19. 19.
    Stern Y, Sano M, Mayeux R. Effects of oral physostigmine in Alzheimer’s disease. Ann Neurol 1987; 22: 306–10PubMedCrossRefGoogle Scholar
  20. 20.
    Summers WK, Majovski LV, Marsh GM, et al. Oral tetrahydroaminoacridine in long-term treatment of senile dementia, Alzheimer-type. N Engl J Med 1986; 315: 1241–5PubMedCrossRefGoogle Scholar
  21. 21.
    Division of Neuropharmacological Drug Products, Office of New Drug Evaluation (I), Center for Drug Evaluation and Review. Tacrine as a treatment for Alzheimer’s disease: an interim report from the FDA. N Engl J Med 1991; 324: 349–52Google Scholar
  22. 22.
    Eagger SA, Levy R, Sahakian B. Tacrine in Alzheimer’s disease. Lancet 1991; 337: 989–92PubMedCrossRefGoogle Scholar
  23. 23.
    Gauthier S, Bouchard R, Lamontagne A, et al. Tetrahydro­aminoacridine-lecithin combination treatment in patients with intermediate-stage Alzheimer’s disease. N Engl J Med 1990; 322: 1272–6PubMedCrossRefGoogle Scholar
  24. 24.
    Chatellier G, Lacomblez L, on behalf of Groupe Français d’ Etude de la Tetrahydroaminoacridine. Tacrine and lecithin in senile dementia of the Alzheimer type: a multicentre trial. BMJ 1990; 300: 495–9PubMedCrossRefGoogle Scholar
  25. 25.
    Davis K, ThaI LJ, Gamzu ER, et al. A double-blind, placebo­controlled multicenter study of tacrine for Alzheimer’s disease. N Engl J Med 1992; 327: 1253–9PubMedCrossRefGoogle Scholar
  26. 26.
    Maltby N, Broe GA, Creasey H, et al. Efficacy of tacrine and lecithin in mild to moderate Alzheimer’s disease: double blind trial. BMJ 1994; 308: 879–83PubMedCrossRefGoogle Scholar
  27. 27.
    Wilcock GK, Surmon DJ, Scott M, et al. An evaluation of the efficacy and safety of tetrahydroaminoacridine (THA) without lecithin in the treatment of Alzheimer’s disease. Age Ageing 1993; 22: 316–24PubMedCrossRefGoogle Scholar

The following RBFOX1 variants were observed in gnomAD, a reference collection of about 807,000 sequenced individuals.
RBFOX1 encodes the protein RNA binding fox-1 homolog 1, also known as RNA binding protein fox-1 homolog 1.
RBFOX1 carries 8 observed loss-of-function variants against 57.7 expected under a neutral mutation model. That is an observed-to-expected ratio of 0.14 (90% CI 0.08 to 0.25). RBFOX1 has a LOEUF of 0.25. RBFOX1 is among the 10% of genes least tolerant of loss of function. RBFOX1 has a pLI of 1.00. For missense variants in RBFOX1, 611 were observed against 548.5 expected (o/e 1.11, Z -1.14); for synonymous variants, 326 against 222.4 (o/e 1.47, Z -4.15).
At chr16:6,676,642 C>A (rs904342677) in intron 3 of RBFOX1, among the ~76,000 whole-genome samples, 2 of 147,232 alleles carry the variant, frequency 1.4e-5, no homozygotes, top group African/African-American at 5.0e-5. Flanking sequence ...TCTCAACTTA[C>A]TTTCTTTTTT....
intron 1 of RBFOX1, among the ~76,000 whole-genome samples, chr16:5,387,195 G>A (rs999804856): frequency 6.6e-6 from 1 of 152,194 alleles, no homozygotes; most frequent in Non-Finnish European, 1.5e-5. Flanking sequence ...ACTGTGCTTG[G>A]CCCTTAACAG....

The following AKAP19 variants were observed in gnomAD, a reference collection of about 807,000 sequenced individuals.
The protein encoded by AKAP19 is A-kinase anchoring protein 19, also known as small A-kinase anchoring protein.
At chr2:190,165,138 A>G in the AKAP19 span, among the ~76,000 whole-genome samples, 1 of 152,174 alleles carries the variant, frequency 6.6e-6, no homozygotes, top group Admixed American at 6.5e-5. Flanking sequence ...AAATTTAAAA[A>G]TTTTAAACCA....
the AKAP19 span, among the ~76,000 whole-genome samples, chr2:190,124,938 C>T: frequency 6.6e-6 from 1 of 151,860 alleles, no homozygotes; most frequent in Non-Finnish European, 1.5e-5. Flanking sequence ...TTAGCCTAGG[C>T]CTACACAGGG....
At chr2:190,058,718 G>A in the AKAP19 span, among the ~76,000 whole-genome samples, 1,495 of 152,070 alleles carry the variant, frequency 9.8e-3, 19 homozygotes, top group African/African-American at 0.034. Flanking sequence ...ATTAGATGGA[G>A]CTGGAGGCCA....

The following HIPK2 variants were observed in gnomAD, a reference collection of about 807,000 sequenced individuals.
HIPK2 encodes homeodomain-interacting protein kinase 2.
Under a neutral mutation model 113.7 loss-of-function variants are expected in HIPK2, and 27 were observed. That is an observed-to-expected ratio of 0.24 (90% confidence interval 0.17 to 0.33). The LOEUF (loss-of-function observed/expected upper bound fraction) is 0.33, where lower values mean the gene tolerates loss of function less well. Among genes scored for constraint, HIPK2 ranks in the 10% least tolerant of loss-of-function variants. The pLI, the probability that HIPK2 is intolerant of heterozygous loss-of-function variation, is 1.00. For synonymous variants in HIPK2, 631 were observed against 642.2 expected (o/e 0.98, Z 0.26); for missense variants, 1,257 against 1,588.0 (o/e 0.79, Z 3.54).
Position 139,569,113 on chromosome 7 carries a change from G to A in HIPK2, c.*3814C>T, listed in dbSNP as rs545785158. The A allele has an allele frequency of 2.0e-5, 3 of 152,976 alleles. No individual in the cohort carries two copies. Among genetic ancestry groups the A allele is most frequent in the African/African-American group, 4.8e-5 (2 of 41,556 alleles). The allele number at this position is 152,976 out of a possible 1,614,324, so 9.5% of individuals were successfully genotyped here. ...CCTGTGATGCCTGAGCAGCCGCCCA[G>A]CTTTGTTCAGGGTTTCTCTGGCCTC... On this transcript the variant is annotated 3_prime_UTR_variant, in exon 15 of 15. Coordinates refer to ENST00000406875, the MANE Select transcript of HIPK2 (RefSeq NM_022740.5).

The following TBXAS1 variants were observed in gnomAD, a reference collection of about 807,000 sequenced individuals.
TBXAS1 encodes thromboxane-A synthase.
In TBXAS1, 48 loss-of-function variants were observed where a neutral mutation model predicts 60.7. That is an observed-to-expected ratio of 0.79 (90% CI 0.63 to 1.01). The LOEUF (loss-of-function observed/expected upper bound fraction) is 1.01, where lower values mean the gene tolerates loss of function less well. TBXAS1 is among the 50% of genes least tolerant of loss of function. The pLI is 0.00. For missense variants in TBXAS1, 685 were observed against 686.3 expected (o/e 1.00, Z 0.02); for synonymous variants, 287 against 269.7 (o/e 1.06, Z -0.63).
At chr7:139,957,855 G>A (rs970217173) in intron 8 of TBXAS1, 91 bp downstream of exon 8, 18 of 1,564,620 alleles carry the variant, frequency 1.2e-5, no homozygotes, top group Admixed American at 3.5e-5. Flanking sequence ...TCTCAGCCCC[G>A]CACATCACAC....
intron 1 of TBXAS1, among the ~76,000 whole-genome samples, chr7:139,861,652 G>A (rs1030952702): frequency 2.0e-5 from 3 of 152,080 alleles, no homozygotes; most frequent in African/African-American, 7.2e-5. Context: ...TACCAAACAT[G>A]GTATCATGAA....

28. 28.
    Farlow M, Gracon SI, Hershey LA, et al. A controlled trial of tacrine in Alzheimer’s disease. JAMA 1992; 268: 2523–9PubMedCrossRefGoogle Scholar
  29. 29.
    Knapp MJ, Knopman DS, Solomon PR, et al. A 30-week, randomized, controlled trial of high-dose tacrine. in patients with Alzheimer’s disease. JAMA 1994; 271: 985–91PubMedCrossRefGoogle Scholar
  30. 30.
    Guralnik JM, LaCroix AZ, Everett DF, et al. Aging in the eighties: the prevalence of comorbidity and its association with disability. Hyattsville, MD: National Center for Health Statistics, 1989. Advance Data from Vital and Health Statistics, No. 170Google Scholar
  31. 31.
    Seeman TE, Guralnik JM, Kaplan GA, et al. The health consequences of multiple morbidity in the elderly: the Alameda County study. J Aging Health 1989; 1: 50–66PubMedCrossRefGoogle Scholar
  32. 32.
    Evans DA, Scherr PA, Cook NR, et al. The impact of Alzheimer’s disease in the United States population. In: Suzman RM, Willis DP, Manton KG, editors. The oldest old. New York: Oxford University Press, 1992: 283–99Google Scholar
  33. 33.
    Beard CM, Kokmen E, Offord KP, et al. Lack of association between Alzheimer’s disease and education, occupation, marital status, or living arrangement. Neurology 1992; 42: 2063–8PubMedCrossRefGoogle Scholar
  34. 34.
    Lubeck DP, Mazonson PD, Bowe T. Potential effect of tacrine on expenditures for Alzheimer’s disease. Med Interface 1994; 7 (10): 130–8PubMedGoogle Scholar
  35. 35.
    Welch HG, Walsh JS, Larson EB. The cost of institutional care in Alzheimer’s disease: nursing home and hospital use in a prospective cohort. J Am Geriatr Soc 1992; 40: 221–4PubMedGoogle Scholar

Copyright information

© Adis International Limited 1995

Authors and Affiliations

  • David Knopman
    • 1
  1. 1.Department of NeurologyUniversity of Minnesota HospitalsMinneapolisUSA

Personalised recommendations